“My mom’s going to be mad at you, Leo,” Linda said from behind me in a singsong voice.
“You won’t tell your mom,” Leo said, his voice now sharp. His penis was rigid and ice cold. Although I tried not to, I started to cry.
“Linda, I want to go home now.” Leo reached out suddenly and pulled my body down on top of him. He was awfully strong. I didn’t yell out, maybe because I felt so complicit, being in a stranger’s room in the first place. But Leo wasn’t a stranger. Everyone knew Leo.
He pushed the back of my head down against his neck and held me so tight I could barely breathe. He rubbed his cheek up and down against mine, the bristles of his beard stinging my skin. I smelled tobacco on his breath. He kissed my cheek over and over again, rasping like he was trying to catch his breath. “Let me go,” I cried out and started to sob. All of a sudden, he sat up and grabbed me by the shoulders.
“I just want to love you, he said angrily. He shook me hard back and forth. I said nothing, terrified. I just sat there, heaving with sobs, scared to look at him. “Go on, get out,” he snarled, and pushed me off the bed. I scrambled to my feet, ran down the flight of stairs and past the front room full of people. Once safe on the street I looked up at Leo’s window and could see Linda’s back to me, still standing at the foot of his bed.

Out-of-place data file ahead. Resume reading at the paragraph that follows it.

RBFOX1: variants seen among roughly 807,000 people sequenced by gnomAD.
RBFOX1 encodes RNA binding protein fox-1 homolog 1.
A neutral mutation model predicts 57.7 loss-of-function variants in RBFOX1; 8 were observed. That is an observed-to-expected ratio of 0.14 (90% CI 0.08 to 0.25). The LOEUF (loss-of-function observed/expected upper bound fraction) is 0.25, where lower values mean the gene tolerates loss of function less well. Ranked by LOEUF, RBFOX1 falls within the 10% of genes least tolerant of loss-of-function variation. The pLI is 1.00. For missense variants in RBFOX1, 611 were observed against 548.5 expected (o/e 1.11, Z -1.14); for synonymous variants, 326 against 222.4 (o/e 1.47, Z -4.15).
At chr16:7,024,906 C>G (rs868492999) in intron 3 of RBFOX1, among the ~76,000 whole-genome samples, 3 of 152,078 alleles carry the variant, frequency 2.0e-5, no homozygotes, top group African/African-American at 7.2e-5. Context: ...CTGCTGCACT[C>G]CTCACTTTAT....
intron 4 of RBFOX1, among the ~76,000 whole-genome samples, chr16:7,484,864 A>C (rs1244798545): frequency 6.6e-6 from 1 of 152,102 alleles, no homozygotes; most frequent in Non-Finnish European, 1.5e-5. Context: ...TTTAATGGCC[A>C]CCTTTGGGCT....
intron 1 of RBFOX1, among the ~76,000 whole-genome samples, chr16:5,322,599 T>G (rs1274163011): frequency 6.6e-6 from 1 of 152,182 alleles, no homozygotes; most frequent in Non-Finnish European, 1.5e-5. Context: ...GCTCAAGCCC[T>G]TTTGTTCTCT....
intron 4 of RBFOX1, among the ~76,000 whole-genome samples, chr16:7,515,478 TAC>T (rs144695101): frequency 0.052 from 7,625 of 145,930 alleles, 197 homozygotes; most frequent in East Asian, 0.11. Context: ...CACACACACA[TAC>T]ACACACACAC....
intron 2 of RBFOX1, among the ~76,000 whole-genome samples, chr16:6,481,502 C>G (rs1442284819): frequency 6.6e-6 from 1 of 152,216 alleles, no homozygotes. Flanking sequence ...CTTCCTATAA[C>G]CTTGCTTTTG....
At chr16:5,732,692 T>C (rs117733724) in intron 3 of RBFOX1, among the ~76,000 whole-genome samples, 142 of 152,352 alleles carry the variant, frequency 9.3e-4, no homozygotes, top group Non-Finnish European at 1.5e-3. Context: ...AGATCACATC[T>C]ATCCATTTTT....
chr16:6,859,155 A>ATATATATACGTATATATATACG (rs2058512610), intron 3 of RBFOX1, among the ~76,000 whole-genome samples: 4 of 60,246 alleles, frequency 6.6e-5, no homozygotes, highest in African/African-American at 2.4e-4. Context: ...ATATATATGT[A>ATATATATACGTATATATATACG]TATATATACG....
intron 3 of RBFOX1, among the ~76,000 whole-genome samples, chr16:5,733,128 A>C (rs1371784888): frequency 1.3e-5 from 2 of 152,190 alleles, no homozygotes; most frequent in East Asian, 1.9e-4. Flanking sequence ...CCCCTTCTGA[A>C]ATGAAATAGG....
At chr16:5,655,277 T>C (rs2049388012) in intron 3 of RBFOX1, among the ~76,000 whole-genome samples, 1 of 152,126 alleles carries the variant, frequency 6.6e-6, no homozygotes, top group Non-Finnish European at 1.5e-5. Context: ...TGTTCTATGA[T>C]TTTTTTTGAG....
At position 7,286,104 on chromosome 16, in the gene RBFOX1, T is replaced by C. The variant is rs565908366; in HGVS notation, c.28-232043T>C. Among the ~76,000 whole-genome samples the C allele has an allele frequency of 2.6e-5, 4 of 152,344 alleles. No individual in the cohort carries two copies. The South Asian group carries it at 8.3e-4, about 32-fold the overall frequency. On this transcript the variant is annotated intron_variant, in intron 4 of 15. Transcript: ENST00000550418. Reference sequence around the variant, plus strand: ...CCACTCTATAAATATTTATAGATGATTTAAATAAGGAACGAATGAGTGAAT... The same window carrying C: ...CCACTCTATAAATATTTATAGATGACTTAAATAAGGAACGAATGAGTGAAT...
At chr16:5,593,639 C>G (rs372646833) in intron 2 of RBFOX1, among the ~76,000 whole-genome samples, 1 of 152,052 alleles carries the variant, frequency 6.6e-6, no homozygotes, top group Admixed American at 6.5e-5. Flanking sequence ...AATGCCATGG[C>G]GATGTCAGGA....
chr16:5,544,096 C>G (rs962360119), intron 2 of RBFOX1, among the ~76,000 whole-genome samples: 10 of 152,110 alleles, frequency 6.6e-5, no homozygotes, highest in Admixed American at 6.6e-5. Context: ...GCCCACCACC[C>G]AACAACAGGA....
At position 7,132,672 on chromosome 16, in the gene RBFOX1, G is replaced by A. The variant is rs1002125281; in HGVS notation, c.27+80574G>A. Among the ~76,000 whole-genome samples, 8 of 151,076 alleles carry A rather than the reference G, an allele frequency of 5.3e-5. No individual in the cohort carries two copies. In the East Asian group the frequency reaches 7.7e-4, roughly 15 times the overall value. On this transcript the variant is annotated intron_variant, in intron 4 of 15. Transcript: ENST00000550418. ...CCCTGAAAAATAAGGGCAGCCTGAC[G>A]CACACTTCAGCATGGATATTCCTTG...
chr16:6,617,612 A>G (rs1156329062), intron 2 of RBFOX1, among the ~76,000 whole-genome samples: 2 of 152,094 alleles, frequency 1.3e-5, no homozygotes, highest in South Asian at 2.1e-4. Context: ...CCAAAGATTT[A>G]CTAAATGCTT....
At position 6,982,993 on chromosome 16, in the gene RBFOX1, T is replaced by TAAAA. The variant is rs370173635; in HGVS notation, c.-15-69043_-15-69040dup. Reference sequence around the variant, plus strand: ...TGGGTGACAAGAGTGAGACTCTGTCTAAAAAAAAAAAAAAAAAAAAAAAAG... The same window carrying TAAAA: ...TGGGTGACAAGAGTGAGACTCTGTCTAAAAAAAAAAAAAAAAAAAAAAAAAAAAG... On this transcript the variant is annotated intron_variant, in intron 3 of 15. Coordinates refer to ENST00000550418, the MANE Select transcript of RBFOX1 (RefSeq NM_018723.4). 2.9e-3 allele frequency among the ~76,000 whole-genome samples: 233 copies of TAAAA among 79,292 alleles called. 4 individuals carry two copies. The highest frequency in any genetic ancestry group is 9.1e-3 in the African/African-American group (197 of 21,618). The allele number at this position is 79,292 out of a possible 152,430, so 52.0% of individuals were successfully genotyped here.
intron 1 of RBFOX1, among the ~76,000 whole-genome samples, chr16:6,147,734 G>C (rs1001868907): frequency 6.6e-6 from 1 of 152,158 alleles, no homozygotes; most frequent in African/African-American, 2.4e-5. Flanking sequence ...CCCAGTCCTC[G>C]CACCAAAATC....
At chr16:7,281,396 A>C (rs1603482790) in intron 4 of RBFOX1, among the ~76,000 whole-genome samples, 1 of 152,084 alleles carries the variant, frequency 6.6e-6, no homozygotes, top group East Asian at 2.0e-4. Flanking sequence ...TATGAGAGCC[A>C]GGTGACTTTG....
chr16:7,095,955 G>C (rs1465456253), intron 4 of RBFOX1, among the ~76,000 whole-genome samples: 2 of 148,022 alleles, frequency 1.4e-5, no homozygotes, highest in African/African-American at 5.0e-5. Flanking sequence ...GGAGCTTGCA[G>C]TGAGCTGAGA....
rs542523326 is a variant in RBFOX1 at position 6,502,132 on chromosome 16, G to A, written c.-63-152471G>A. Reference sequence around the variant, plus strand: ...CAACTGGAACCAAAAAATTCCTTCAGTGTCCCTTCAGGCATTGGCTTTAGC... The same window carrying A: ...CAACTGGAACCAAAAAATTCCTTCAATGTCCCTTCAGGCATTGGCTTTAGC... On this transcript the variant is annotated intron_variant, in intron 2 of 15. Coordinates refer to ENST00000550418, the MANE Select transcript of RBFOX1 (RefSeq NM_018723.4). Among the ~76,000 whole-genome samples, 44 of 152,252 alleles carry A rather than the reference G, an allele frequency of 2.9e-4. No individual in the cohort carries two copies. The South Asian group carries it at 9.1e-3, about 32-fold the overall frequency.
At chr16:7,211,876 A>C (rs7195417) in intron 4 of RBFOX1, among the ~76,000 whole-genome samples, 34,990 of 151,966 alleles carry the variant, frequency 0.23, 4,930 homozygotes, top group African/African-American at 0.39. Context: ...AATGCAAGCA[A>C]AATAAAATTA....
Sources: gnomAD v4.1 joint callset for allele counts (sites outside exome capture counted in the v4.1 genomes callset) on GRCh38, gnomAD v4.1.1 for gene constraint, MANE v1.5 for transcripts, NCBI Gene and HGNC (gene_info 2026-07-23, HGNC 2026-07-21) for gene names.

When I got home mom was making dinner and my brothers were watching “I Love Lucy.” Everything looked the same. I was sure if my mom looked at me, she’d know. I went to my room, claiming I had a lot of homework, and when I was called for dinner, I said I wasn’t hungry. I wanted to tell someone what had happened, but I felt overwhelming guilt and wondered if anyone would believe me. Linda and I never talked about that day again. She started hanging around with the two new girls at school, twins who had moved to our town from Toronto and seemed much older than the rest of us. The three of them played together at recess and after school I would see them heading down the hill toward Linda’s. I dreaded seeing Leo again but he didn’t take much notice of me after that. When our paths did cross I looked away and could feel my cheeks grow hot with shame. Sometimes in church I watched him kneeling after he’d taken communion, his wounded leg stretched out ahead of him, the other doubled underneath in support. He bent his body forward so that his forehead almost touched the church floor in reverence. It was almost too painful to watch.